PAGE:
Scott Fitzgerald novel, The Great Gatsby, Nick Carraway is portrayed as a confidant to Jay Gatsby. Nick stands out when being compared to the other characters in the story. It is Nick's honesty with himself and toward others, his morality, his help, and his unbiased, slow to judge qualities that make him one of the confidants of the novel, mainly to Gatsby.
Nick is our guide, pathfinder, in The Great Gatsby as he relates the story as he sees it and from what others have told him. He strives at all times to be objective, his comments are balanced, as he says on the first page of the novel, "I"m inclined to reserve all judgments.".
Nick is introduced directly, but Gatsby remains a distant character for a good while. The establishment of Nick's reflective, tolerant personality is essential, as are his limitations. The fact that Nick disapproves of Gatsby so early on, helps the reader to go along with his judgments when he tells them of Gatsby and unfolds the story.
The first mysterious glimpse of Gatsby prepares the reader for much of what is to come. The imagery of "silhouette", "moonlight", and "shadow" in this passage prepare us for Gatsby's shadowy, dark character. Many more of his actions will appear to us and.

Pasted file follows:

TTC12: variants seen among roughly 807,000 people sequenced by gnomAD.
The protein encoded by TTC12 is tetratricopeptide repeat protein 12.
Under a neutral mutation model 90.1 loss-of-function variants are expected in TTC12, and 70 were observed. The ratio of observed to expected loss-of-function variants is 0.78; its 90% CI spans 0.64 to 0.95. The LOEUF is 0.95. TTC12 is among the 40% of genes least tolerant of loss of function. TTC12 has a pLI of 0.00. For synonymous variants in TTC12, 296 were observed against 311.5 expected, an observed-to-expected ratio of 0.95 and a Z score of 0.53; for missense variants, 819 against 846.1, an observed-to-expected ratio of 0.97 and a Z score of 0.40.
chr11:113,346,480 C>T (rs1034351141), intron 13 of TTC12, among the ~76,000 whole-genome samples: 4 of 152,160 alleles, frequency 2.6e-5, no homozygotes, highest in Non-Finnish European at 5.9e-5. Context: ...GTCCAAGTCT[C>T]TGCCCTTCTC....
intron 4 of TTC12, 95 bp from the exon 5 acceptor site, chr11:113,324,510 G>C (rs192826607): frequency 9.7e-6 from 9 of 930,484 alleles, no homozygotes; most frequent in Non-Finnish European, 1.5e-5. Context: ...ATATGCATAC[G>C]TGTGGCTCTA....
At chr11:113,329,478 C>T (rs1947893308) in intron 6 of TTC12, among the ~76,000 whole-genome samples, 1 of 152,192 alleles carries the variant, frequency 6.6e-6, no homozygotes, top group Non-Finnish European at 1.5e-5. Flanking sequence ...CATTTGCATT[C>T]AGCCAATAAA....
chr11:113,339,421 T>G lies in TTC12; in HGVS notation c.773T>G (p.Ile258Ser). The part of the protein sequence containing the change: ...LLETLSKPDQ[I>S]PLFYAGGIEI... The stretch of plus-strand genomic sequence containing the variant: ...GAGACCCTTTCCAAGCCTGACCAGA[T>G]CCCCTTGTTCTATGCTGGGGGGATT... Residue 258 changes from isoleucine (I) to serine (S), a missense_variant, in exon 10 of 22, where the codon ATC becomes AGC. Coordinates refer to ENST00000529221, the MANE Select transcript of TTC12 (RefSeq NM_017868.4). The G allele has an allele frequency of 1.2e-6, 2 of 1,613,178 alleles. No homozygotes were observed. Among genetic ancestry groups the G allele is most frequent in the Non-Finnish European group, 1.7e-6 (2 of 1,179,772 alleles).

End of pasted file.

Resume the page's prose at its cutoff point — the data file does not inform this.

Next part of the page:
Nick as "curious", the fact he is "trembling" shows he is intense in his emotions and none of this is for show, Gatsby believes he is alone. His concentration on the "single green.
Light" represents his determination to succeed his constant drive, all to be with Daisy and Nick is the one who is going to help him succeed.
Nick develops a friendship with Gatsby and helps him and Daisy rekindle their love for each other. Being a moralistic person, he is appalled at the immoral wrongs of the wealthy. He listens to Gatsby's troubling secrets. Nick steadily uncovers both the facts of situations and their significance in the grand scheme of the closed structure Gatsby has created for himself.